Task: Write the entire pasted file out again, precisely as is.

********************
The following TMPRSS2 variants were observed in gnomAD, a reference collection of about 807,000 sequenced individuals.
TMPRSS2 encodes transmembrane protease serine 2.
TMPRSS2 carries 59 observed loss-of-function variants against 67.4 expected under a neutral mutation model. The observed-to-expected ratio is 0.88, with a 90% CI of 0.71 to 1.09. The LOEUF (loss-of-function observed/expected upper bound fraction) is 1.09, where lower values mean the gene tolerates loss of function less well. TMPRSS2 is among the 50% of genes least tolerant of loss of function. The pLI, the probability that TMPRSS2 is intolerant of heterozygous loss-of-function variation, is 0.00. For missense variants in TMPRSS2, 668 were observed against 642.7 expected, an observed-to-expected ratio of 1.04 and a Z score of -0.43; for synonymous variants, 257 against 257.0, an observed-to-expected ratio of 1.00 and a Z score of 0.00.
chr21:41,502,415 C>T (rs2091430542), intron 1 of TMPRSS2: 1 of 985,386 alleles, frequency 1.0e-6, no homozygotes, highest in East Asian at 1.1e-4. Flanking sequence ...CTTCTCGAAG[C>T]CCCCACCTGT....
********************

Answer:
The following TMPRSS2 variants were observed in gnomAD, a reference collection of about 807,000 sequenced individuals.
TMPRSS2 encodes transmembrane protease serine 2.
TMPRSS2 carries 59 observed loss-of-function variants against 67.4 expected under a neutral mutation model. The observed-to-expected ratio is 0.88, with a 90% CI of 0.71 to 1.09. The LOEUF (loss-of-function observed/expected upper bound fraction) is 1.09, where lower values mean the gene tolerates loss of function less well. TMPRSS2 is among the 50% of genes least tolerant of loss of function. The pLI, the probability that TMPRSS2 is intolerant of heterozygous loss-of-function variation, is 0.00. For missense variants in TMPRSS2, 668 were observed against 642.7 expected, an observed-to-expected ratio of 1.04 and a Z score of -0.43; for synonymous variants, 257 against 257.0, an observed-to-expected ratio of 1.00 and a Z score of 0.00.
chr21:41,502,415 C>T (rs2091430542), intron 1 of TMPRSS2: 1 of 985,386 alleles, frequency 1.0e-6, no homozygotes, highest in East Asian at 1.1e-4. Flanking sequence ...CTTCTCGAAG[C>T]CCCCACCTGT....